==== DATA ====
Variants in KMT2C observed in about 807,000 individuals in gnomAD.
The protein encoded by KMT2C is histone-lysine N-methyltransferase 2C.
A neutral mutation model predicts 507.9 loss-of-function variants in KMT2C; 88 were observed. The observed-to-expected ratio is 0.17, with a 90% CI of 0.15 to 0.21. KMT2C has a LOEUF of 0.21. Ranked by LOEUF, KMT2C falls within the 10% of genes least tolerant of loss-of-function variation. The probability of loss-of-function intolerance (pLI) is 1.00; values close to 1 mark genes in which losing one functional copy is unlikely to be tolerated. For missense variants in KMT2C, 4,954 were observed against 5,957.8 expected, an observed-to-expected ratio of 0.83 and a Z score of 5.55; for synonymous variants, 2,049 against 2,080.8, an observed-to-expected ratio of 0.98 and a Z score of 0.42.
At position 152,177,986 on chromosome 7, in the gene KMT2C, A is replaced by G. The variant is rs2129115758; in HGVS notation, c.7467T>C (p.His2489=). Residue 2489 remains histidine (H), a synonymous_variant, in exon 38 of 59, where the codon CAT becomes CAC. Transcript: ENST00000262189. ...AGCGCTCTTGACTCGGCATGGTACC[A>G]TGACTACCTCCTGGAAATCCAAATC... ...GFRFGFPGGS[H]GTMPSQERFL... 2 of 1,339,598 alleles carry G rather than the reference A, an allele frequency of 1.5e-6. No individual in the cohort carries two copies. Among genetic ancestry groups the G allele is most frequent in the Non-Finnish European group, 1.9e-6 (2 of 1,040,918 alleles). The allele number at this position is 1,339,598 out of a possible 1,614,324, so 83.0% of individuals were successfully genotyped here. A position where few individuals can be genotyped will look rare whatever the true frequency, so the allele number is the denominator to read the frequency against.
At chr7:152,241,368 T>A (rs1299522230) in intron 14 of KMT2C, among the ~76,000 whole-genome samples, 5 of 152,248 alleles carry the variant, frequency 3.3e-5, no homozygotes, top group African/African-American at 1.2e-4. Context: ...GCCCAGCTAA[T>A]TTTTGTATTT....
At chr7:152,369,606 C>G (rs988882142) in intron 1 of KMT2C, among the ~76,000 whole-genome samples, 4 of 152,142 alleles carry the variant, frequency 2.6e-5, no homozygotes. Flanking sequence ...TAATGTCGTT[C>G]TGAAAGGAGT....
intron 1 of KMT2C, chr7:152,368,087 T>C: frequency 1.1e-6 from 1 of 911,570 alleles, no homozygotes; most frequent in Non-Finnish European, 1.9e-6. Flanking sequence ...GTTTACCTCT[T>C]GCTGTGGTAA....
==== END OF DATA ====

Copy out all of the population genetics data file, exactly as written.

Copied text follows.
Variants in KMT2C observed in about 807,000 individuals in gnomAD.
The protein encoded by KMT2C is histone-lysine N-methyltransferase 2C.
A neutral mutation model predicts 507.9 loss-of-function variants in KMT2C; 88 were observed. The observed-to-expected ratio is 0.17, with a 90% CI of 0.15 to 0.21. KMT2C has a LOEUF of 0.21. Ranked by LOEUF, KMT2C falls within the 10% of genes least tolerant of loss-of-function variation. The probability of loss-of-function intolerance (pLI) is 1.00; values close to 1 mark genes in which losing one functional copy is unlikely to be tolerated. For missense variants in KMT2C, 4,954 were observed against 5,957.8 expected, an observed-to-expected ratio of 0.83 and a Z score of 5.55; for synonymous variants, 2,049 against 2,080.8, an observed-to-expected ratio of 0.98 and a Z score of 0.42.
At position 152,177,986 on chromosome 7, in the gene KMT2C, A is replaced by G. The variant is rs2129115758; in HGVS notation, c.7467T>C (p.His2489=). Residue 2489 remains histidine (H), a synonymous_variant, in exon 38 of 59, where the codon CAT becomes CAC. Transcript: ENST00000262189. ...AGCGCTCTTGACTCGGCATGGTACC[A>G]TGACTACCTCCTGGAAATCCAAATC... ...GFRFGFPGGS[H]GTMPSQERFL... 2 of 1,339,598 alleles carry G rather than the reference A, an allele frequency of 1.5e-6. No individual in the cohort carries two copies. Among genetic ancestry groups the G allele is most frequent in the Non-Finnish European group, 1.9e-6 (2 of 1,040,918 alleles). The allele number at this position is 1,339,598 out of a possible 1,614,324, so 83.0% of individuals were successfully genotyped here. A position where few individuals can be genotyped will look rare whatever the true frequency, so the allele number is the denominator to read the frequency against.
At chr7:152,241,368 T>A (rs1299522230) in intron 14 of KMT2C, among the ~76,000 whole-genome samples, 5 of 152,248 alleles carry the variant, frequency 3.3e-5, no homozygotes, top group African/African-American at 1.2e-4. Context: ...GCCCAGCTAA[T>A]TTTTGTATTT....
At chr7:152,369,606 C>G (rs988882142) in intron 1 of KMT2C, among the ~76,000 whole-genome samples, 4 of 152,142 alleles carry the variant, frequency 2.6e-5, no homozygotes. Flanking sequence ...TAATGTCGTT[C>G]TGAAAGGAGT....
intron 1 of KMT2C, chr7:152,368,087 T>C: frequency 1.1e-6 from 1 of 911,570 alleles, no homozygotes; most frequent in Non-Finnish European, 1.9e-6. Flanking sequence ...GTTTACCTCT[T>C]GCTGTGGTAA....